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  • April 27, 2015
  • 01:39 PM
  • 5 views

Parasite-Infected Bumblebees Seek out Flowers with Nicotine

by beredim in Strange Animals



 A buff-tailed bumblebee (Bombus terrestris

Buff-tailed bumblebees (Bombus terrestris) that have been infected by parasites seek out flowers with nicotine in their nectar, according to a new study by researchers at the Royal Holloway University of London and Queen Mary University of London, UK.

Apparently, the nicotine in the flowers slows the progression of disease in infected bees but has ... Read more »

  • April 27, 2015
  • 08:34 AM
  • 15 views

Phytozome notice, new and improved v10 coming soon

by Mary in OpenHelix

This announcement came out while I was at a conference last week–but I wanted to pass it along. This appears to be a big change in the way Phytozome works. And there will be down-time before it rolls out, starting May 1. I like to post major announcements from mailing lists because I know everyone […]... Read more »

Goodstein D. M., R. Howson, R. Neupane, R. D. Hayes, J. Fazo, T. Mitros, W. Dirks, U. Hellsten, N. Putnam, & D. S. Rokhsar. (2011) Phytozome: a comparative platform for green plant genomics. Nucleic Acids Research, 40(D1). DOI: http://dx.doi.org/10.1093/nar/gkr944  

  • April 27, 2015
  • 07:00 AM
  • 9 views

Role of EBV LMP-2A and LMP1 in inducing autophagy

by thelonevirologist in Virology Tidbits

Under conditions of cell stress such as nutrient deprivation or as a result of the accumulation of damaged organelles and misfolded proteins a lysosomal pathway is induced which degrades proteins as well organelles independent of the proteasomal pathway. The core machinery of this pathway -termed autophagy from the Greek  auto-, "self" and phagein, "to eat” (literally “selfeating”) - was discovered in genetic screens of yeast for genes required for survival ........ Read more »

Xi X, Zhang X, Wang B, Wang T, Wang J, Huang H, Wang J, Jin Q, & Zhao Z. (2013) The interplays between autophagy and apoptosis induced by enterovirus 71. PloS one, 8(2). PMID: 23437282  

Liu Y, & Levine B. (2015) Autosis and autophagic cell death: the dark side of autophagy. Cell death and differentiation, 22(3), 367-76. PMID: 25257169  

Liu Y, Shoji-Kawata S, Sumpter RM Jr, Wei Y, Ginet V, Zhang L, Posner B, Tran KA, Green DR, Xavier RJ.... (2013) Autosis is a Na ,K -ATPase-regulated form of cell death triggered by autophagy-inducing peptides, starvation, and hypoxia-ischemia. Proceedings of the National Academy of Sciences of the United States of America, 110(51), 20364-71. PMID: 24277826  

Young, L., & Rickinson, A. (2004) Epstein–Barr virus: 40 years on. Nature Reviews Cancer, 4(10), 757-768. DOI: 10.1038/nrc1452  

Busson P, McCoy R, Sadler R, Gilligan K, Tursz T, & Raab-Traub N. (1992) Consistent transcription of the Epstein-Barr virus LMP2 gene in nasopharyngeal carcinoma. Journal of virology, 66(5), 3257-62. PMID: 1313931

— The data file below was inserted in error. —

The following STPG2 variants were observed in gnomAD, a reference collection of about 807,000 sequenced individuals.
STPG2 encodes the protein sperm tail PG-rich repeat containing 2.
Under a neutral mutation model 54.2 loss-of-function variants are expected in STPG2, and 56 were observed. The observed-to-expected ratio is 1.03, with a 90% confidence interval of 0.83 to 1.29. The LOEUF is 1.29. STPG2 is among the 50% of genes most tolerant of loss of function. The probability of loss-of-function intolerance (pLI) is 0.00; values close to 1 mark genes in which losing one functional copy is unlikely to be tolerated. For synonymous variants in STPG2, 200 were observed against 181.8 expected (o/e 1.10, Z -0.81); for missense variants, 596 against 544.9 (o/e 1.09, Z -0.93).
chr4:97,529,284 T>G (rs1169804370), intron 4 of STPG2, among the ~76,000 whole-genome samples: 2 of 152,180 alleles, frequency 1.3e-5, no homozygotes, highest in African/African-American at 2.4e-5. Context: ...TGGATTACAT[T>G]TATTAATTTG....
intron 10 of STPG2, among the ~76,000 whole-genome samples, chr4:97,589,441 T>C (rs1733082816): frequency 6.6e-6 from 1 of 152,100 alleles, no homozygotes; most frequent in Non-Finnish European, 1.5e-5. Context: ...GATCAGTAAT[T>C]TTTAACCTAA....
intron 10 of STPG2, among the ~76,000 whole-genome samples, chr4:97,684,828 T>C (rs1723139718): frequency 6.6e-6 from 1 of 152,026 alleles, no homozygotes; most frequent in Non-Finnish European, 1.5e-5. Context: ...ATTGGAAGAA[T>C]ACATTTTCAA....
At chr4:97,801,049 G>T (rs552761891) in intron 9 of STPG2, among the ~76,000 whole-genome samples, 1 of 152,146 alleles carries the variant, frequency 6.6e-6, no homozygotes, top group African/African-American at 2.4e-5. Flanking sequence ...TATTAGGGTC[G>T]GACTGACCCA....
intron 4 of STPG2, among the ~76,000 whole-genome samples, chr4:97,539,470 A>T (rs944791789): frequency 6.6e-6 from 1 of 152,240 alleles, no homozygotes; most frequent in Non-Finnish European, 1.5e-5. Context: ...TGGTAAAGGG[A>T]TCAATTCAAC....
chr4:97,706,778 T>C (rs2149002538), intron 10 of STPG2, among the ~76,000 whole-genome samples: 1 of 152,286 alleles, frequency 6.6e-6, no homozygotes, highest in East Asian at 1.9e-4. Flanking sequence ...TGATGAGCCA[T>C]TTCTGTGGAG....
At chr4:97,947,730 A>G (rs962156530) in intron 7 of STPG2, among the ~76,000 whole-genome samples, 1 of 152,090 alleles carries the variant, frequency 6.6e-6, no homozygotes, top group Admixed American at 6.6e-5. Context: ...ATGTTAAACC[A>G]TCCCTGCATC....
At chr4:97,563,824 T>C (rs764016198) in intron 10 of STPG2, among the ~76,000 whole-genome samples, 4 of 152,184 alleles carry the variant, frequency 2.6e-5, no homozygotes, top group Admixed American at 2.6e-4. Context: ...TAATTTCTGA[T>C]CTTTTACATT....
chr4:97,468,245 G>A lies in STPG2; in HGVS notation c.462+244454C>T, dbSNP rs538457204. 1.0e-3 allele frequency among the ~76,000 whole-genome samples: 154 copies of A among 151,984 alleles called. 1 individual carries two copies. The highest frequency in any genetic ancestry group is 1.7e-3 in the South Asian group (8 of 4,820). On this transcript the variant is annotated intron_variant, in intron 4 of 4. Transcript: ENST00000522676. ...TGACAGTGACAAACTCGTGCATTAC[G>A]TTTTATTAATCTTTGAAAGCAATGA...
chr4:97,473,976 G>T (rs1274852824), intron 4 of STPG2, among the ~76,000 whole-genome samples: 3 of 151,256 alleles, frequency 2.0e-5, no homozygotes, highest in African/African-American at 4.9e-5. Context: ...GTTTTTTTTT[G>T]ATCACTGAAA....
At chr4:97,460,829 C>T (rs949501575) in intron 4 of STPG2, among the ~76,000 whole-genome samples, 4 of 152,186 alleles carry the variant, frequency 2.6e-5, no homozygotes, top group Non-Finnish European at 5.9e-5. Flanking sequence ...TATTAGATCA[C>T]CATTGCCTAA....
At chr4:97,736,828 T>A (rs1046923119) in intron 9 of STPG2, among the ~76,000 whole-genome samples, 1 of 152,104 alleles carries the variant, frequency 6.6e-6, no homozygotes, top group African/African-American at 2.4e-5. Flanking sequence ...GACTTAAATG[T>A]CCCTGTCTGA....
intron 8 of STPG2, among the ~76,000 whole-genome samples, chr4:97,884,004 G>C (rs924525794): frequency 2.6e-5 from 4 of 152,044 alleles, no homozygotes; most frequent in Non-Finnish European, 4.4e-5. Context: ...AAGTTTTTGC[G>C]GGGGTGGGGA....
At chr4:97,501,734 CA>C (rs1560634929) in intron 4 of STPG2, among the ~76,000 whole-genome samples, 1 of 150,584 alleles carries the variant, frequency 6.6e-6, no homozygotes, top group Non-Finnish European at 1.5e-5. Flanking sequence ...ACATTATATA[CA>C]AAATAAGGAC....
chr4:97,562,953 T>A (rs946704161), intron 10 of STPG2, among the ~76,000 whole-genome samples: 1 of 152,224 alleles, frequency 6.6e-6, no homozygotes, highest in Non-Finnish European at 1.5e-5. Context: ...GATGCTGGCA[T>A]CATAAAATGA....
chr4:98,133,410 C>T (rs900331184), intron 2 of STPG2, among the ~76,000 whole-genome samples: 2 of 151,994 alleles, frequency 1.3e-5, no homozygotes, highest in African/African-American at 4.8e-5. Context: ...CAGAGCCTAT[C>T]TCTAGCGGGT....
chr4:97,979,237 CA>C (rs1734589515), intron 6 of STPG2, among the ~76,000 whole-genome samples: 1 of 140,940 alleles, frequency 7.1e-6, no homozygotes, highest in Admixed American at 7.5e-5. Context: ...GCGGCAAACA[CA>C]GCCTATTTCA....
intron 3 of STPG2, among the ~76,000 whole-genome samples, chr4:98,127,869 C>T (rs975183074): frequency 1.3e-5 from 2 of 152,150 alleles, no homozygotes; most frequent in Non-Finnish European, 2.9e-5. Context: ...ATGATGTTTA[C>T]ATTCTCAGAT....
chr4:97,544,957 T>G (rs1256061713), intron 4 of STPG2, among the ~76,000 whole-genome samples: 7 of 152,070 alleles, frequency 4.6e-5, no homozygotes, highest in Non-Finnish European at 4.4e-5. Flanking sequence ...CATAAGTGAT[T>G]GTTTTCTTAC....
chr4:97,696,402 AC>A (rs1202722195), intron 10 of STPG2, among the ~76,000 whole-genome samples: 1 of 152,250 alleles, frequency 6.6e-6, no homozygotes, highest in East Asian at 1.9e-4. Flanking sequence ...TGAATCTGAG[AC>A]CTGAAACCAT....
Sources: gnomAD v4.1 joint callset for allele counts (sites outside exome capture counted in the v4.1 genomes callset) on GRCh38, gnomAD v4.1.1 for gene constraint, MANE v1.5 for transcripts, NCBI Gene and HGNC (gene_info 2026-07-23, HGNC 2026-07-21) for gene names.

Li Y, Zhang L, Zhou J, Luo S, Huang R, Zhao C, & Diao A. (2015) Nedd4 E3 ubiquitin ligase promotes cell proliferation and autophagy. Cell proliferation. PMID: 25809873  

Kuang E, Qi J, & Ronai Z. (2013) Emerging roles of E3 ubiquitin ligases in autophagy. Trends in biochemical sciences, 38(9), 453-60. PMID: 23870665  

Xia P, Wang S, Du Y, Zhao Z, Shi L, Sun L, Huang G, Ye B, Li C, Dai Z.... (2013) WASH inhibits autophagy through suppression of Beclin 1 ubiquitination. The EMBO journal, 32(20), 2685-96. PMID: 23974797  

  • April 27, 2015
  • 04:36 AM
  • 17 views

When optimal outcome in autism meets ESSENCE

by Paul Whiteley in Questioning Answers

I recently came across the paper by Martina Barnevik Olsson and colleagues [1] (open-access) and their rather interesting take on the issue of optimal outcome and autism (see here for some background on this concept).Based on the idea that a diagnosis of autism or autism spectrum disorder (ASD) might not be as immutable as perhaps once thought (as in 'no longer meeting the diagnostic criteria for the condition'), Barnevik Olsson et al reported that loss of the autism/ASD label does not........ Read more »

Barnevik Olsson, M., Westerlund, J., Lundström, S., Giacobini, M., Fernell, E., & Gillberg, C. (2015) “Recovery” from the diagnosis of autism – and then?. Neuropsychiatric Disease and Treatment, 999. DOI: 10.2147/NDT.S78707  

  • April 26, 2015
  • 11:53 PM
  • 20 views

FDA says no to marketing FDDNP for CTE

by The Neurocritic in The Neurocritic

The U.S. Food and Drug Administration recently admonished TauMark™, a brain diagnostics company, for advertising brain scans that can diagnose chronic traumatic encephalopathy (CTE), Alzheimer's disease, and other types of dementia. The Los Angeles Times reported that the FDA ordered UCLA researcher Dr. Gary Small and his colleague/business partner Dr. Jorge Barrio to remove misleading information from their company website (example shown below).CTE has been in the news because the neurodegene........ Read more »

Barrio, J., Small, G., Wong, K., Huang, S., Liu, J., Merrill, D., Giza, C., Fitzsimmons, R., Omalu, B., Bailes, J.... (2015) In vivo characterization of chronic traumatic encephalopathy using [F-18]FDDNP PET brain imaging. Proceedings of the National Academy of Sciences, 201409952. DOI: 10.1073/pnas.1409952112